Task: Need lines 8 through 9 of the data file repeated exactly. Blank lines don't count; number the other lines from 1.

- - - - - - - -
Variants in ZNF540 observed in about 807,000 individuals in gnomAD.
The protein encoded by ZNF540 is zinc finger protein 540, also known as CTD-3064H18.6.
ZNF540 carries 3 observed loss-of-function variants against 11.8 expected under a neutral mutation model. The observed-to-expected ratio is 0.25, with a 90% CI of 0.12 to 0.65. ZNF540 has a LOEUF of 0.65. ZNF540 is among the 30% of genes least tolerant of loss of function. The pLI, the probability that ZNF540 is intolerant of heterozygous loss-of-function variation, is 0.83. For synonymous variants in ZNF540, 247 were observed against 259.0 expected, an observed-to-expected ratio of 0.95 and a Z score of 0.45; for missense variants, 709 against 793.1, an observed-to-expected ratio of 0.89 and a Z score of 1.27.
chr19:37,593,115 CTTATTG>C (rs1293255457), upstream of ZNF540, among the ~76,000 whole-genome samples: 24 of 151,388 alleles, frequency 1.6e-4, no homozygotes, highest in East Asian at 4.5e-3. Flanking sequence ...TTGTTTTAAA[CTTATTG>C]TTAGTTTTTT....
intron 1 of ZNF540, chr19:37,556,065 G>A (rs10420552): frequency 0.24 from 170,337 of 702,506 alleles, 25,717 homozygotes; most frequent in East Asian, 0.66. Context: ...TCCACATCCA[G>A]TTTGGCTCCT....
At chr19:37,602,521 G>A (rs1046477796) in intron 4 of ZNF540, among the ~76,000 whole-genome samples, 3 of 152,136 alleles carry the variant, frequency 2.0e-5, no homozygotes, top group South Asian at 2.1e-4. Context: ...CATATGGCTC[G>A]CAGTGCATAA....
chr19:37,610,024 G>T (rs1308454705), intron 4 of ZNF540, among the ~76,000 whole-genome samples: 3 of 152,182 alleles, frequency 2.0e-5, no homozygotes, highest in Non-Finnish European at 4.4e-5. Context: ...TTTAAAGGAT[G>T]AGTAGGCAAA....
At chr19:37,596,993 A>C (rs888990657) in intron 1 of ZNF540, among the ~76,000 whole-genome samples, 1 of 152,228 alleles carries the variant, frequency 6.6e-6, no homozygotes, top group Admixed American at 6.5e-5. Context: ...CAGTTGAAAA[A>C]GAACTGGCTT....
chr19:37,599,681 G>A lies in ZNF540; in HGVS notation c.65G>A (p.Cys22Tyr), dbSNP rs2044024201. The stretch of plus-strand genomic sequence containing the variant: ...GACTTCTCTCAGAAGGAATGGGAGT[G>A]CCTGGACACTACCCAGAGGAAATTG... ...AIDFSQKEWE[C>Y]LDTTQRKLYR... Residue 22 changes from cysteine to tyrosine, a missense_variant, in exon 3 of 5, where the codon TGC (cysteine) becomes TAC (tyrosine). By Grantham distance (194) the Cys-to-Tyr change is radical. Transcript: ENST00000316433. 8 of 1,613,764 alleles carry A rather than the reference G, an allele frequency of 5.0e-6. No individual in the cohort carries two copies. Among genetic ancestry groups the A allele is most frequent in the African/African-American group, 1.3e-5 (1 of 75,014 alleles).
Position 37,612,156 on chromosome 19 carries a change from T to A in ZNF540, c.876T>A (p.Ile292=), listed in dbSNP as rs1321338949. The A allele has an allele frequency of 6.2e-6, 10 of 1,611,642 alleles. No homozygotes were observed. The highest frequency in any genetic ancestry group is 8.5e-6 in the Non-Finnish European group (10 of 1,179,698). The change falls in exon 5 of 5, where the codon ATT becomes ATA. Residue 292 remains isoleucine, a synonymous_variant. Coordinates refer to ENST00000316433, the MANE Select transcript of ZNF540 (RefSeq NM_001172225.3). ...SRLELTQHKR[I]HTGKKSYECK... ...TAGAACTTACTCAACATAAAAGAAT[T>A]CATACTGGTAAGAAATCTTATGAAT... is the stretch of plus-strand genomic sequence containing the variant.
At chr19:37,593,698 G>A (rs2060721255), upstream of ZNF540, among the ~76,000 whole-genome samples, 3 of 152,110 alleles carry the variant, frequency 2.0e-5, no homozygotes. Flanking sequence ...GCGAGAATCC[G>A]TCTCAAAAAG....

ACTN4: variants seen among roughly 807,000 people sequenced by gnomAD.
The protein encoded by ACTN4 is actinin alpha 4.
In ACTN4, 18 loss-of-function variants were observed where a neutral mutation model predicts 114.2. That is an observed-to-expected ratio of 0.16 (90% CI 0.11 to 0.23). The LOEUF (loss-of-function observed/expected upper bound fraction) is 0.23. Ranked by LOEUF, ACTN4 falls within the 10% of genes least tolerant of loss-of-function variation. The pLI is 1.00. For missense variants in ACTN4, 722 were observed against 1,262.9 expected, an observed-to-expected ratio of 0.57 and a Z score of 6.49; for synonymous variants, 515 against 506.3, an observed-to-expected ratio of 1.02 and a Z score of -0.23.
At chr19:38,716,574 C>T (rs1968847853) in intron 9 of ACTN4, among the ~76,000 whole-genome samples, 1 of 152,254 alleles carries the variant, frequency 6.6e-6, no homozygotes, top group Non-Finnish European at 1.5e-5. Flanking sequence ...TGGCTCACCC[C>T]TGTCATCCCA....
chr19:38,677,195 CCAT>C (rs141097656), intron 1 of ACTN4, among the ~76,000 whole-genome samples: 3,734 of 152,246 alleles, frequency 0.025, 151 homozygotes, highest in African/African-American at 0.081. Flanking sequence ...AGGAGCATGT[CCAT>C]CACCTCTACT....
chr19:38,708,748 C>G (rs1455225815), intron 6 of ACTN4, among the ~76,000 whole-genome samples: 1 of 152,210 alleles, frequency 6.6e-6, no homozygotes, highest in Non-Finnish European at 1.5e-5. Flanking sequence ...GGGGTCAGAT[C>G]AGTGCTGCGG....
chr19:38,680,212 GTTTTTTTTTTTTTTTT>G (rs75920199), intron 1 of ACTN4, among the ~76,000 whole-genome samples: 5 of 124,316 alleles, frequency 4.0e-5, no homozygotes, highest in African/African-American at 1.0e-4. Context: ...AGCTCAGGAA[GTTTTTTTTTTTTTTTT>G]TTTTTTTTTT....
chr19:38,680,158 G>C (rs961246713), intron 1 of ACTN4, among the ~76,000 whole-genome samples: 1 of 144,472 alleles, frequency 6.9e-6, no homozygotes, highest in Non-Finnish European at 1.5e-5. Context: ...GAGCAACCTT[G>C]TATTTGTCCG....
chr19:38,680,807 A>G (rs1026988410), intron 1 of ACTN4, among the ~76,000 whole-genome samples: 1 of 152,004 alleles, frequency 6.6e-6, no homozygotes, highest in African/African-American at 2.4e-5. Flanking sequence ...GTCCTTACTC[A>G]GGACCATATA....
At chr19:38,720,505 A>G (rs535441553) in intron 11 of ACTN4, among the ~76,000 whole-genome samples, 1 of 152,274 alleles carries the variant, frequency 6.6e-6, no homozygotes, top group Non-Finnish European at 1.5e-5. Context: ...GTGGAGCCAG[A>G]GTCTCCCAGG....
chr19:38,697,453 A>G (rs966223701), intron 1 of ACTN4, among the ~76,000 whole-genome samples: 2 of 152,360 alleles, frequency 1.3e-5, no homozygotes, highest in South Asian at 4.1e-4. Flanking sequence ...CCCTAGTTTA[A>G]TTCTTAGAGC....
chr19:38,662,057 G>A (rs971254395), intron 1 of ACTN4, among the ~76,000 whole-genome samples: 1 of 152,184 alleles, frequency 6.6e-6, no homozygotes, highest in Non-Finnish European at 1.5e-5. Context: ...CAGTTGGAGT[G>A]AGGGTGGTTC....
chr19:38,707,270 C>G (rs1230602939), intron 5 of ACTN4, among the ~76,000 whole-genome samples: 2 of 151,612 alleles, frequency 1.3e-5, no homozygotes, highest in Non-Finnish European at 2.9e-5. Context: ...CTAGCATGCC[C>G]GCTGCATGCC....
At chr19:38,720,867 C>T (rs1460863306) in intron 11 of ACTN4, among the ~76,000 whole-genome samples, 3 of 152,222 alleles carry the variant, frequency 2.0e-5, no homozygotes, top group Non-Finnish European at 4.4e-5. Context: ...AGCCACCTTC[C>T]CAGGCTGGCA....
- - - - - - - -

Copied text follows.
At chr19:37,596,993 A>C (rs888990657) in intron 1 of ZNF540, among the ~76,000 whole-genome samples, 1 of 152,228 alleles carries the variant, frequency 6.6e-6, no homozygotes, top group Admixed American at 6.5e-5. Context: ...CAGTTGAAAA[A>C]GAACTGGCTT....
chr19:37,599,681 G>A lies in ZNF540; in HGVS notation c.65G>A (p.Cys22Tyr), dbSNP rs2044024201. The stretch of plus-strand genomic sequence containing the variant: ...GACTTCTCTCAGAAGGAATGGGAGT[G>A]CCTGGACACTACCCAGAGGAAATTG... ...AIDFSQKEWE[C>Y]LDTTQRKLYR... Residue 22 changes from cysteine to tyrosine, a missense_variant, in exon 3 of 5, where the codon TGC (cysteine) becomes TAC (tyrosine). By Grantham distance (194) the Cys-to-Tyr change is radical. Transcript: ENST00000316433. 8 of 1,613,764 alleles carry A rather than the reference G, an allele frequency of 5.0e-6. No individual in the cohort carries two copies. Among genetic ancestry groups the A allele is most frequent in the African/African-American group, 1.3e-5 (1 of 75,014 alleles).